Cleveland Indians – 1973 Topps #629

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The Cleveland Indians name originates from a request by the club owner to decide on a new name, following the 1914 season. In reference to the Boston Braves (now the Atlanta Braves), the media chose “the Indians”. Common nicknames for the Indians include the “Tribe” and the “Wahoos,” the latter being a reference to their logo, Chief Wahoo; The mascot is called Slider.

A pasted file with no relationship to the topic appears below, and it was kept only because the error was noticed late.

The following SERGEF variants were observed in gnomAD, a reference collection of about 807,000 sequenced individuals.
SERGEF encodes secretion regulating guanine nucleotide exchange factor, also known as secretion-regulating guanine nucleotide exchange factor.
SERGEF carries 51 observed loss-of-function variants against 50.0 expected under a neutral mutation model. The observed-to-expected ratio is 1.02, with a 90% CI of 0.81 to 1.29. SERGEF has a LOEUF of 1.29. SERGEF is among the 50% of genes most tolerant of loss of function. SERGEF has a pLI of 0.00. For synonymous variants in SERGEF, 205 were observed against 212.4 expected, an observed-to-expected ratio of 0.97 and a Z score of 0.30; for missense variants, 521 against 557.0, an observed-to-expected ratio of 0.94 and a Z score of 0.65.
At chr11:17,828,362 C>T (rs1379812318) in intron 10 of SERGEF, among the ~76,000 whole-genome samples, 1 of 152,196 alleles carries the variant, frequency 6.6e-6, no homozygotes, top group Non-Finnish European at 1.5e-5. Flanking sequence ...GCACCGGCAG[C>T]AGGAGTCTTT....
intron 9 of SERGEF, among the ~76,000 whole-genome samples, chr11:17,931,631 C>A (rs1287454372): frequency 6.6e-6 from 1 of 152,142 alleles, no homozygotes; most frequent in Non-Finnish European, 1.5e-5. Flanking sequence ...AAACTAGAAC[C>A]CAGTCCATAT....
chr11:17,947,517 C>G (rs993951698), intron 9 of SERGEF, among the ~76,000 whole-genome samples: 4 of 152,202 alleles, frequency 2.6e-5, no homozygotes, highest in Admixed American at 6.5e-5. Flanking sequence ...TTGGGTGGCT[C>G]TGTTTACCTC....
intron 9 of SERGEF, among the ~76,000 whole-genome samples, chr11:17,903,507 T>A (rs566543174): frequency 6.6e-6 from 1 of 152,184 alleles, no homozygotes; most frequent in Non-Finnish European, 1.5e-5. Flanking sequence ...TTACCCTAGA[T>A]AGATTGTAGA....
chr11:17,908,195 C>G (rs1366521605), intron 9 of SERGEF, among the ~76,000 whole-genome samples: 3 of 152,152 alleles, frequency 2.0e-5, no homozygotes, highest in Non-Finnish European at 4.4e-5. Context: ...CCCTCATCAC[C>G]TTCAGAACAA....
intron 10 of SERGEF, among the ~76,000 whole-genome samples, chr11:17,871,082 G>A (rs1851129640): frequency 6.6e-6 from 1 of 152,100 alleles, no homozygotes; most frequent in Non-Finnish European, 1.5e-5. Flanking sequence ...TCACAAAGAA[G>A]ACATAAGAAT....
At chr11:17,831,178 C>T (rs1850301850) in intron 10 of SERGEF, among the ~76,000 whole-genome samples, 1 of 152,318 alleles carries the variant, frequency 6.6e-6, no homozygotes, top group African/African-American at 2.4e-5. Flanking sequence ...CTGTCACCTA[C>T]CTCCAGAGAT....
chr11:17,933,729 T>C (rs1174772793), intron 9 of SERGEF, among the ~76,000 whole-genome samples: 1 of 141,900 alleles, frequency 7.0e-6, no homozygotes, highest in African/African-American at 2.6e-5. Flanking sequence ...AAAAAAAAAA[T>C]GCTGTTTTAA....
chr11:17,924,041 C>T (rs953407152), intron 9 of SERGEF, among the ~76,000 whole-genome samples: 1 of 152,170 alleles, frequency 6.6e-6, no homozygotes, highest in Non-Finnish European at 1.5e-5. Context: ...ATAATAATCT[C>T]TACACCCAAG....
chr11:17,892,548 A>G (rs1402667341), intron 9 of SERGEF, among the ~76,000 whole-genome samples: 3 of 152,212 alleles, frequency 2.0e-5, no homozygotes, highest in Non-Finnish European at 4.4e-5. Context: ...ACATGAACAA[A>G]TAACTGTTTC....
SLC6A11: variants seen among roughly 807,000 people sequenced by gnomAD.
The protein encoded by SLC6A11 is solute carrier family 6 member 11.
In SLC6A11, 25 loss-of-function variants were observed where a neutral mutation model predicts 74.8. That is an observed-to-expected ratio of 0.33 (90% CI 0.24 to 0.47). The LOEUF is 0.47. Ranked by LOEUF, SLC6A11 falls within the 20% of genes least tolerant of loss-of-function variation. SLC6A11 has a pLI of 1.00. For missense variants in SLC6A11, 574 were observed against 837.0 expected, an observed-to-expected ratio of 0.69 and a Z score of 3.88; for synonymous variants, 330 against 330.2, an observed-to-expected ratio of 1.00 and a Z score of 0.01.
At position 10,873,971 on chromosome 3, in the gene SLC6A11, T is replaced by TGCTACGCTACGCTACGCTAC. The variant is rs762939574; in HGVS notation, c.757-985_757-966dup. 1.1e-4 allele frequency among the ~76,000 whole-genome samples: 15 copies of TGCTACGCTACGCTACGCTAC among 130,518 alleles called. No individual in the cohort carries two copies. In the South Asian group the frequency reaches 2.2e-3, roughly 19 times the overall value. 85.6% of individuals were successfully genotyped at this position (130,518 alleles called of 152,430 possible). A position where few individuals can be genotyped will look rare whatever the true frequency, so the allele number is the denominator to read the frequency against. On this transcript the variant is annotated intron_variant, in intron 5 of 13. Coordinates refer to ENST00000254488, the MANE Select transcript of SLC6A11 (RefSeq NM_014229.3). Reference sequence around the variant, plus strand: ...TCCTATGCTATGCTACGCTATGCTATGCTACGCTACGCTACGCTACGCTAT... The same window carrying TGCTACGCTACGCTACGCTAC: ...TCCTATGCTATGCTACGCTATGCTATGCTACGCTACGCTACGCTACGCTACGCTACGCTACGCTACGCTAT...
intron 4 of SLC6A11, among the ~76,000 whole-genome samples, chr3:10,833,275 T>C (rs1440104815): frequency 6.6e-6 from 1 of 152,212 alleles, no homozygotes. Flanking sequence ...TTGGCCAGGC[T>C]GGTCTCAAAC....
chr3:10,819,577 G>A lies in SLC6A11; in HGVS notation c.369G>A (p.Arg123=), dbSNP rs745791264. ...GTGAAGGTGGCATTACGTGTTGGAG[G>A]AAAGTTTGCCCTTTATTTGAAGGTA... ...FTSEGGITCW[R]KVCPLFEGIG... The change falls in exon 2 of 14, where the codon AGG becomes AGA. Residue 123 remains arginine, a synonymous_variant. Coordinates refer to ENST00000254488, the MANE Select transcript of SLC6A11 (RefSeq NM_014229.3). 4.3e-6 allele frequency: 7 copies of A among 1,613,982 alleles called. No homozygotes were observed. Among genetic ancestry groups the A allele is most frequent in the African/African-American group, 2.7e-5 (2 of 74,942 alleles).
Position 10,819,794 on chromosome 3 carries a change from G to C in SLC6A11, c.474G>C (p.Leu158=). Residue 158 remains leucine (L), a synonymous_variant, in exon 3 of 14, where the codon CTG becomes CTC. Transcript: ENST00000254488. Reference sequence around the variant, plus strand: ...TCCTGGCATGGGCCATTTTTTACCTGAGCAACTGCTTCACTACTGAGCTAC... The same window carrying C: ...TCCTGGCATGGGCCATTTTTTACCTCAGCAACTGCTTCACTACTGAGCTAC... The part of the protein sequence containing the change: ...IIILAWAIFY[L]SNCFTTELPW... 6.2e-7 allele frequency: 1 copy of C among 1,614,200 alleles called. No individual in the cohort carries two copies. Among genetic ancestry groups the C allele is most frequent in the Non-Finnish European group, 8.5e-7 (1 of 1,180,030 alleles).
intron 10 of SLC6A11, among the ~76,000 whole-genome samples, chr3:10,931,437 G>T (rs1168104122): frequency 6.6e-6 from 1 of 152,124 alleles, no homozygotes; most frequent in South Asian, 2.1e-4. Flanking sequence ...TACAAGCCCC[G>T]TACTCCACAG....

The Cleveland team originated in 1900 as the Lake Shores, when the American League (AL) was officially a minor league. One of the AL’s eight charter franchises, the major league incarnation of the club was founded in Cleveland in 1901. Originally called the Cleveland Bluebirds, the team played in League Park until moving permanently to Cleveland Municipal Stadium in 1946. At the end of the 2010 season, they had a regular season franchise record of 8,691–8,367 (.509). The Indians have won seven AL Central titles, the most in the division.